Sexual harassment – the WRC highlights lessons for employers

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Sexual harassment – the WRC highlights lessons for employers

Published 25 June 2019

The Workplace Relations Commission ("WRC") annual report for 2018 contains a potentially surprising statistic that, although in general the number of discrimination complaints rose that year, the number of sexual discrimination complaints fell. We do not consider this to reflect the incidence of sexual discrimination or harassment during the #MeToo era and employers must note the high financial and reputational exposure in the event of allegations.

The recently published report highlights two notable decisions relating to complaints of workplace sexual harassment: A Technical Support Agent v A Contact Centre Company1 and A Receptionist v A Car Parts Company2. These decisions clearly emphasise the need for employers to take proactive steps to protect employees from sexual harassment, including ensuring that they have a clear dignity at work policy in place, that the policy is effectively communicated to staff, and that it is adhered to if a complaint is made.

A Technical Support Agent v A Contact Centre Company

A part time technical support agent alleged sexual harassment, discrimination, victimisation, and discriminatory constructive dismissal. The Workplace Relations Commission found in her favour in respect of each of her claims and awarded her €45,000, a very significant award in light of the Complainant's salary of €11,000. This was as a result of the "seriousness of the discrimination, the effect on the Complainant and the requirement…that the sanction be 'effective, dissuasive and proportionate.'"

The WRC highlighted what is required of employers in order to have a defence to complaints of sexual harassment as follows:

1. Obligation to take such steps as are reasonably practicable to prevent sexual harassment from occurring in the first place

The employer had in place a dignity and respect at work policy which the adjudication officer found to generally conform to the provisions of the Code of Practice3. However, the employer was not able to show that this policy had been communicated to either the Complainant or the alleged harasser. The Complainant's evidence was that she had received a copy of the policy only after she made the complaint. Accordingly, the employer could not rely on the policy in place in order to defend the claim.

2. Obligation to effectively investigate

The employer carried out an investigation on receipt of the complaints of sexual harassment. However, the adjudication officer found that there were a number of "critical shortcomings and fundamental failings" in how the investigation was conducted. The employer applied its grievance policy instead of its dignity and respect at work policy and did so without plausible explanation.

3. Obligation to reverse effects of harassment

Additionally, the employer was found to have failed to put any of the most basic measures in place in order to separate the Complainant and the harasser following the conclusion of the investigation. This was despite the investigation having upheld some of the Complainant's complaints. The two employees were both still required to be seated in the same work location. Allowing the Complainant to report to another team leader was also found to be "wholly inadequate" as it was clear that the Complainant was still required to have interaction with the harasser on an ongoing basis.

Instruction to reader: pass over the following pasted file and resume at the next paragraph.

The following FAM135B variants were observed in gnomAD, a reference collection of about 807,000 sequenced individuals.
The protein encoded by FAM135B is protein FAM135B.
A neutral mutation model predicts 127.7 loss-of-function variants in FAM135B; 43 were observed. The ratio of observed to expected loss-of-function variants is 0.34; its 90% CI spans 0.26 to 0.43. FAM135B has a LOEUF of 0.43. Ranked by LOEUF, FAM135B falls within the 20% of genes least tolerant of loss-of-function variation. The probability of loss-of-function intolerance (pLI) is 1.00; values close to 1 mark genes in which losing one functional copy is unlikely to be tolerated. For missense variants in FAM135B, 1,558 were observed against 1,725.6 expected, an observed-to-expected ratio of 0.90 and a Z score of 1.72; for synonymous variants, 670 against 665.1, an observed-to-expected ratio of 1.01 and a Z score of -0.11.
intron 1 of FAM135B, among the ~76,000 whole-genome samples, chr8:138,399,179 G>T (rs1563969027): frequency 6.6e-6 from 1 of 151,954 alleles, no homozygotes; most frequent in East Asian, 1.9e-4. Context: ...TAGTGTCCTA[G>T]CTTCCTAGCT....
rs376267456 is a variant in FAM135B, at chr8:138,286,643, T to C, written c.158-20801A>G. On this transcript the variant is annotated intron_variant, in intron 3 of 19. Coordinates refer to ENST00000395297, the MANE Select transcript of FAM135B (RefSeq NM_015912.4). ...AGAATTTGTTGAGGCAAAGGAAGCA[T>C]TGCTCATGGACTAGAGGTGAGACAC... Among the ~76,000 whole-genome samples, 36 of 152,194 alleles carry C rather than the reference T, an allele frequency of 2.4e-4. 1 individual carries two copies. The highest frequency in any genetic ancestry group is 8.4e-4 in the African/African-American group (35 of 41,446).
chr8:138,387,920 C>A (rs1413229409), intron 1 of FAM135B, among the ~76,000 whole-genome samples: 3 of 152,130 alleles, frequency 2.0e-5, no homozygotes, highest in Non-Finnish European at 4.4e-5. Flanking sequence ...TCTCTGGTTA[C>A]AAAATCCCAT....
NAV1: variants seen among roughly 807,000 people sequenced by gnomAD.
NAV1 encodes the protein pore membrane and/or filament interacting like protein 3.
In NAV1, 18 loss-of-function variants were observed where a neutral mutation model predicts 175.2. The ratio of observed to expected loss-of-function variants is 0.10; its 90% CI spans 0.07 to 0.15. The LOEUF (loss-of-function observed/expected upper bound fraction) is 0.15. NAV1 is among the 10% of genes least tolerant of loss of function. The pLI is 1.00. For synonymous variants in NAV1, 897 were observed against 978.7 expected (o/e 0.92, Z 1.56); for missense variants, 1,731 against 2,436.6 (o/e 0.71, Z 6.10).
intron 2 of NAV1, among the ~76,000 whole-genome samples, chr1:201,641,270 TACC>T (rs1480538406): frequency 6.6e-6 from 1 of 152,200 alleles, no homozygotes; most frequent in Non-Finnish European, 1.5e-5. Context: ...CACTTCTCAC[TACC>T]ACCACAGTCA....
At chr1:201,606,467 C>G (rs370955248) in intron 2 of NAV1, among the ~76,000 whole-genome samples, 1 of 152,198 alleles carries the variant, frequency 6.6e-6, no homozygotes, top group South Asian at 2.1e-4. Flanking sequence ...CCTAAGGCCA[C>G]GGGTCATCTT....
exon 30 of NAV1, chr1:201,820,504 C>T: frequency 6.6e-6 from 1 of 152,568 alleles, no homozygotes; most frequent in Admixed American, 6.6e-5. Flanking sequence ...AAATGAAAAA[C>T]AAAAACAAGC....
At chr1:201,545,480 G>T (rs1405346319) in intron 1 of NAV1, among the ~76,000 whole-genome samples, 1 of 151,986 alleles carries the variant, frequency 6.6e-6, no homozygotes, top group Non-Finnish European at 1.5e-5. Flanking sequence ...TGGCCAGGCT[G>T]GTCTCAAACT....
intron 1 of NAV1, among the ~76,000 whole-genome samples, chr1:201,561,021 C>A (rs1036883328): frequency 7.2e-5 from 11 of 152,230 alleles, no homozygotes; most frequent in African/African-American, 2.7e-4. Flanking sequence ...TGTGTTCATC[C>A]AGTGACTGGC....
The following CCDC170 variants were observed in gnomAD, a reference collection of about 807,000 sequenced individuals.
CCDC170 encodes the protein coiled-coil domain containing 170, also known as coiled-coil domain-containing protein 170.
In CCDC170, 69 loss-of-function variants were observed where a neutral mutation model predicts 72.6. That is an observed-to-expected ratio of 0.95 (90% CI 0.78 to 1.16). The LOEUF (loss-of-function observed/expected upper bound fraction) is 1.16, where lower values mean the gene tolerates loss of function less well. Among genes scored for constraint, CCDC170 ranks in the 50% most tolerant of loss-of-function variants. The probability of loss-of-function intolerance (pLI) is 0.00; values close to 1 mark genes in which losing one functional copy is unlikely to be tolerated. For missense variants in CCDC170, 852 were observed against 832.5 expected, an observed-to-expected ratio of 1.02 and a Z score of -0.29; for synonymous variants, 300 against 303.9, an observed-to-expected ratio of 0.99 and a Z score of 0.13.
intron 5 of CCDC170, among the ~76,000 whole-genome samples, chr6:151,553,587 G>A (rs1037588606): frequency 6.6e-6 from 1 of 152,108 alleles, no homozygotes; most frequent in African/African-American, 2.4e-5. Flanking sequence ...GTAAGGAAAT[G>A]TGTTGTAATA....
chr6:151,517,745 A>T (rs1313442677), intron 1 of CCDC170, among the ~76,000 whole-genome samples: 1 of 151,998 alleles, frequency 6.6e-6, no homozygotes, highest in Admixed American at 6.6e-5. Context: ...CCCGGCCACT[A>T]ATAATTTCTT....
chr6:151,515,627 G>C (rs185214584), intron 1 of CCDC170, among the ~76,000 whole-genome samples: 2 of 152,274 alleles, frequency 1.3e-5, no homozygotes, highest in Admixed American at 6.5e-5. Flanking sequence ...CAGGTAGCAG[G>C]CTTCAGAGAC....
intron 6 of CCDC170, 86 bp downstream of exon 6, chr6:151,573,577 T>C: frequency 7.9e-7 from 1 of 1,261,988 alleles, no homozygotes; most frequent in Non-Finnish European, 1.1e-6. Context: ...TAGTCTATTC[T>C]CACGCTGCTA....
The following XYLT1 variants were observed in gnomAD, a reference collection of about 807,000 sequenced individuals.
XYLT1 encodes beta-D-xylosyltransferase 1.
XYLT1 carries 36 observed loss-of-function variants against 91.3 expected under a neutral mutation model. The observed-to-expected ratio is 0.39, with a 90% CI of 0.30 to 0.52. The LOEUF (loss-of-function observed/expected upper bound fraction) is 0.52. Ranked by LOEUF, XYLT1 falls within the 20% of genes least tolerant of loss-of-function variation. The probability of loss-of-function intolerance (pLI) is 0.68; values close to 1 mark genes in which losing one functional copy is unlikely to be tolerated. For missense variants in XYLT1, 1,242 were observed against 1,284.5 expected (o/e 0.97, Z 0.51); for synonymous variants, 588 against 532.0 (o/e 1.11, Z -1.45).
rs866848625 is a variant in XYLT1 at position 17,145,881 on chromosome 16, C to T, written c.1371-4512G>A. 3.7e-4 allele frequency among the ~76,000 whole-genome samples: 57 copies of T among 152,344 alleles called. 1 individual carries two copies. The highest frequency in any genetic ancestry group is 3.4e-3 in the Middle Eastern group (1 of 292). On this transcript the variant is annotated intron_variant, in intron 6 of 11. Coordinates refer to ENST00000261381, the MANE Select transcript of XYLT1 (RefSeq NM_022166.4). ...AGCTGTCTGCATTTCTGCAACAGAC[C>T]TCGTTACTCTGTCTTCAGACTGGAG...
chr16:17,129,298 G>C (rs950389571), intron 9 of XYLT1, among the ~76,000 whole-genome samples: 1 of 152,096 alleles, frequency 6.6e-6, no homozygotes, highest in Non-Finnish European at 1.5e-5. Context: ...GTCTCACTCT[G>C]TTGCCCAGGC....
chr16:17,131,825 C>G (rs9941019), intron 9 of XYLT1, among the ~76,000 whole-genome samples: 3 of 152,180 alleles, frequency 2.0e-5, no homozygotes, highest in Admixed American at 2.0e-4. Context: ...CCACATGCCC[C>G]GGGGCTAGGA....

A Receptionist v A Car Parts Company

In contrast to A Technical Support Agent, the adjudication officer in A Receptionist was not convinced that the Respondent had any policy or procedures in place to address complaints of sexual harassment. The adjudication officer also found that the Respondent had failed to take the Complainant's complaint seriously and had not responded appropriately. Accordingly there was no defence available to the Respondent.

The adjudication officer found that the Complainant had been sexually harassed and dismissed for discriminatory reasons and awarded the maximum applicable compensation in the amount of €46,000 given the "completely inappropriate behaviour, and the fact the complainant lost her job because of the rejection of such behaviour." The adjudication officer also ordered the Respondent to put in place a policy on harassment and have all staff fully acquaint themselves with same.

What is the message for employers?

Claims relating to sexual harassment can be taken in a variety of fora and awards can be substantial, as emphasised in these recent decisions. The decisions set out the potential consequences for employers of perceived complacency towards sexual harassment, and demonstrate the significant awards that can be made, being multiples of salary. The decision in A Receptionist also serves as a reminder that binding and enforceable awards can be made under the Employment Equality Acts regardless of length of service. There is no service requirement to bring such a claim, including for discriminatory dismissal, and awards are not linked to loss of wages, but rather to the effects of discrimination and the distress suffered by the Complainant. For further information on employer obligations, please contact Jenny Wakely or one of the Dublin Employment Team.

Authors

Barry Reynolds

Barry Reynolds

Dublin

+ 353 (0)123 19647

Jenny Wakely

Jenny Wakely

Dublin

+353 1 231 9686

Sinead Egan

Sinead Egan

Dublin

+353 (1) 231 9611

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